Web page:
Friday, June 20, 2014

The New Map of the Middle East

The Atlantic's late-2007 rendering of what the Middle East might eventually look like (The Atlantic)
Why should we fight the inevitable break-up of Iraq?

Jeffrey Goldberg Jun 19 2014, 3:09 PM ET, The Atlantic

So as I was saying….

First, a bit of housekeeping. I’m back at The Atlantic full-time. I’m going to be working mainly on stories for the magazine (I’m thinking of writing something on the case for reparations, for instance), but I’ll be back here in the traditional Goldblog space as well (I’m also going to continue contributing columns to Bloomberg View, which, I should point out, is a great source for sophisticated commentary on finance, politics, foreign affairs, and much else). Why am I back? Because I love everything about The Atlantic.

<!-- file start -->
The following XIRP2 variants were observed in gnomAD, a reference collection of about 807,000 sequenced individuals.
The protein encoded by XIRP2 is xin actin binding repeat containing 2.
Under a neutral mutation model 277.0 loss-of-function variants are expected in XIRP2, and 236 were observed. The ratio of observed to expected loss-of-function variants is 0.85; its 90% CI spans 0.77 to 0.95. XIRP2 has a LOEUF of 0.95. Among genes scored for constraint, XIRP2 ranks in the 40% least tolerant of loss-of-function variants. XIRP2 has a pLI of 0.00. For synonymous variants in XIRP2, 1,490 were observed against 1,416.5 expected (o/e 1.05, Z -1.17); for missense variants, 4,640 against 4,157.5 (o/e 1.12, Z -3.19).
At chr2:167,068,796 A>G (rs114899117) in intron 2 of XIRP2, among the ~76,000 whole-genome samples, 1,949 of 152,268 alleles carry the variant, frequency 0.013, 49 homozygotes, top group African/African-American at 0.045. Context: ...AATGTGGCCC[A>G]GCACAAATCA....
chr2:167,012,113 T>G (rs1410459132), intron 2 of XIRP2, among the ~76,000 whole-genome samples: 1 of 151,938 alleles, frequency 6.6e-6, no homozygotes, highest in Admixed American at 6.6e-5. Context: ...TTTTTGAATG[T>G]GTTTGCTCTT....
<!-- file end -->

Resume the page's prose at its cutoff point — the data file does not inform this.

But on to new business—which, in this case, is old business. Almost seven years ago, I wrote a cover story for this magazine about the coming collapse of the post-World War I Middle East map. I conducted the reporting for the story, which we eventually called “After Iraq: What Will the Middle East Look Like,” in the fall of 2007—pre-Obama, pre-Arab Spring, pre-a lot of things—but even back then, it was fairly obvious that the age of Middle East stability (relatively speaking) was coming to an end.

The map you see above, and also embedded below, was the main illustration for the piece, which appeared in the January/February 2008 issue. I introduced the conceit of the story this way:

(More here.)


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